“There is no way for us to address China without absorbing some pain here,” the South Carolina senator told ABC News Chief Global Affairs Correspondent and “This Week” co-anchor Martha Raddatz.
Trump and China's government escalated their trade clash Friday, with Beijing vowing to "counterattack with great strength" if Trump follows through on threats to impose tariffs on an additional $100 billion in Chinese goods.
Trump made his move when China threatened to retaliate for the first round of tariffs planned by the United States. The stock market fell more than 500 points Friday on worries over a trade war.
Graham on "This Week" acknowledged that U.S. farmers and some industries may be hurt by a trade conflict with the giant Asian country. But he predicted that the U.S. may prevail because the Chinese need American goods more than the other way around.
"Our farming community is on the front lines, but we’ve got to stick with it," the senator said. "The Chinese need us more than we need them economically, and the only way you’ll get China to change is make them pay a price."
The Chinese are big consumers of U.S. soybeans and pork, Graham said: "They’ve got 1.2 billion people to feed."
"If you put tariffs on pork products coming in from the United States, the pork prices go up in China," he said. "Or you turn to some other country to get your pork. There’s eventually going to be a problem in China. When you increase tariffs on soybeans, commodity prices go up in China."
Public pressure in China could sway government trade policy, Graham suggested: "The Chinese people don’t get to vote, but they do get to grumble."
Graham acknowledged that the trade conflict could hurt a company in his state, BMW. South Carolina is home to the only U.S. manufacturer of BMW cars, whose chief executive said last month that steel and aluminum import tariffs imposed by Trump could hurt his company.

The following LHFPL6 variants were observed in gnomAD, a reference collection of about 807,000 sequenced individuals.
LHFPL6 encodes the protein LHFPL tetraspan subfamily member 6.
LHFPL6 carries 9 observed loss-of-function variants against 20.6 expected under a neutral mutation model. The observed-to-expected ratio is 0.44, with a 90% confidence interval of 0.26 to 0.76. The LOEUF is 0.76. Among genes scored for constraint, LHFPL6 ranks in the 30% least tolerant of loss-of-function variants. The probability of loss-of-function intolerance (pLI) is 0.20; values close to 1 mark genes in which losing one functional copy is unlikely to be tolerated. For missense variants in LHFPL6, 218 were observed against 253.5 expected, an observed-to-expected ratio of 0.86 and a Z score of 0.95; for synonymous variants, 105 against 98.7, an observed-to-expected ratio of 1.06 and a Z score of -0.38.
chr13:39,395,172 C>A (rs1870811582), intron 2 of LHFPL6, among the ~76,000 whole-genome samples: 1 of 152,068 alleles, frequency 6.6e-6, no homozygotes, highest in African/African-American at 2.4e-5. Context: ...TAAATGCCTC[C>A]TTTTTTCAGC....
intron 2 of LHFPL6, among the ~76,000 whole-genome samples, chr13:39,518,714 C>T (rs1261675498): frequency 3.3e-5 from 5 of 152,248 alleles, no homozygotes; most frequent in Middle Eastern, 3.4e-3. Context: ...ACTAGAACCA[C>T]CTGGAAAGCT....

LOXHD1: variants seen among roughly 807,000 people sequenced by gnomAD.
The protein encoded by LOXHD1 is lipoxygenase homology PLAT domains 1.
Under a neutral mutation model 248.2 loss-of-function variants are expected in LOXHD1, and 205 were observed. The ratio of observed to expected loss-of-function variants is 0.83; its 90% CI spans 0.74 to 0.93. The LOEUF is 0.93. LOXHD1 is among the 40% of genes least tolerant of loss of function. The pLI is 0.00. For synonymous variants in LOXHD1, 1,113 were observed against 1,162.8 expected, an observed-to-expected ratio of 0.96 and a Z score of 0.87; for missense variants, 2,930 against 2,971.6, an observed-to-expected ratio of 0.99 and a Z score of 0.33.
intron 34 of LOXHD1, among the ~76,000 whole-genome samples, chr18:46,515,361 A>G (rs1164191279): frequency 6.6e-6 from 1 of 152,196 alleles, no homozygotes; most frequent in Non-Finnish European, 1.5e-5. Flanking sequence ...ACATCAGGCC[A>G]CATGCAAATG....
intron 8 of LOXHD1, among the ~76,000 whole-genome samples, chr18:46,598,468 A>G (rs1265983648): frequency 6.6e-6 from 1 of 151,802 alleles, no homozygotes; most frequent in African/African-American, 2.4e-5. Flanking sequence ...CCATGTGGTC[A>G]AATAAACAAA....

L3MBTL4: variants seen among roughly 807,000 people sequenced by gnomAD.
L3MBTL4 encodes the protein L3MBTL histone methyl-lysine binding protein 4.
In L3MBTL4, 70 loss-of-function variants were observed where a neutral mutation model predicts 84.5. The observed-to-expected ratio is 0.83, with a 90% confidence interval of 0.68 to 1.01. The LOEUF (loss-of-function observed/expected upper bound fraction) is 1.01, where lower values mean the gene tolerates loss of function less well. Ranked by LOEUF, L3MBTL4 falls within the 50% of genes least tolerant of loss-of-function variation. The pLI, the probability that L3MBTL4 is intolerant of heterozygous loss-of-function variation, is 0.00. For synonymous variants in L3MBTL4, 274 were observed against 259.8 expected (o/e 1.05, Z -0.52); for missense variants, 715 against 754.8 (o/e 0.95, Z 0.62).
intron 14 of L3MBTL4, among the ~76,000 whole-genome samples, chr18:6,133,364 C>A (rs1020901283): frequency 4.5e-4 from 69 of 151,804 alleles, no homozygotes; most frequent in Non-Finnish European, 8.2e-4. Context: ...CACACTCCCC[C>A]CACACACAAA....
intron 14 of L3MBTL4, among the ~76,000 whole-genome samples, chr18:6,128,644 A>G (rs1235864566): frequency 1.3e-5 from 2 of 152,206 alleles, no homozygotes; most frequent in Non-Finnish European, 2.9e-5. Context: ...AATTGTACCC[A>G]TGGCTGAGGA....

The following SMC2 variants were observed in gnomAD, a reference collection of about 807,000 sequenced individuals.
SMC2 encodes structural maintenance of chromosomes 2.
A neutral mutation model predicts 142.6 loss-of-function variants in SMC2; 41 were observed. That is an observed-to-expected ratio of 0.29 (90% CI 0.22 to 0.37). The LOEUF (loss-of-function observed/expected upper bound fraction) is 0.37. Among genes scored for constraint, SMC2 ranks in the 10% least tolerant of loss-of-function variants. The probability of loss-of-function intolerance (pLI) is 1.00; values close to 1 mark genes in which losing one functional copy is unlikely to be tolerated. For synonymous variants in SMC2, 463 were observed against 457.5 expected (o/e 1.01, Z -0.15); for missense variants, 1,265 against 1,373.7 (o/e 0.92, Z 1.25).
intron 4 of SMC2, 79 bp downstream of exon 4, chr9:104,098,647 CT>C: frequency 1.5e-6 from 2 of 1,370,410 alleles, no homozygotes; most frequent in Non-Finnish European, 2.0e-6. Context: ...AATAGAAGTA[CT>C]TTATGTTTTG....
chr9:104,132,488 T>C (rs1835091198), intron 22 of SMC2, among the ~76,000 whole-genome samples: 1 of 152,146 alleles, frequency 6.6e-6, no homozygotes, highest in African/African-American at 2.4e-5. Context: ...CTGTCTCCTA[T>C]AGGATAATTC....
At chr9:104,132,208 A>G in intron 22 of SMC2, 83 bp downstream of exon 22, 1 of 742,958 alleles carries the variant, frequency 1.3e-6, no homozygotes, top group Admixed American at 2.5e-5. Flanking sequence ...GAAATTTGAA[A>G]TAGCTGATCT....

The South Carolina senator said Sunday, "It will hurt BMW in the short term to deal with the Chinese steel dumping, I understand that."
"But at the end of the day, the president promised if he got to be president he would push back against China," Graham added. "That’s exactly what he’s doing. They’re pushing back against us. I like our chances of prevailing if we stick with it."
While Graham hopes Chinese President Xi Jinping will change his trade policy in response to U.S. tariffs, he predicted that will happen only if “it hurts his economy to the point where he has to change his behavior.”
The dispute began in March when Trump announced a 25 percent tariff on steel and aluminum imports from all countries except Canada and Mexico. Then, in an effort to punish China over its alleged theft of intellectual property, Trump on Tuesday proposed a 25 percent tariff on $50 billion of imported Chinese goods.
China retaliated the next day with a proposed 25 percent tariff of its own. Trump responded by directing U.S. trade representatives to consider an additional tariff on $100 billion of Chinese goods.
The U.S. will “no longer tolerate” China’s “unfair trade practices” that “distort global markets and harm U.S. businesses,” the White House said in a Friday statement addressing the additional tariffs, and said Trump will make China “play by the rules.”
Trump tweeted Sunday that he will continue to be an ally with China despite the conflict. He said the Chinese president, Xi Jinping, will end the country’s unfair trade practices because “it is the right thing to do.”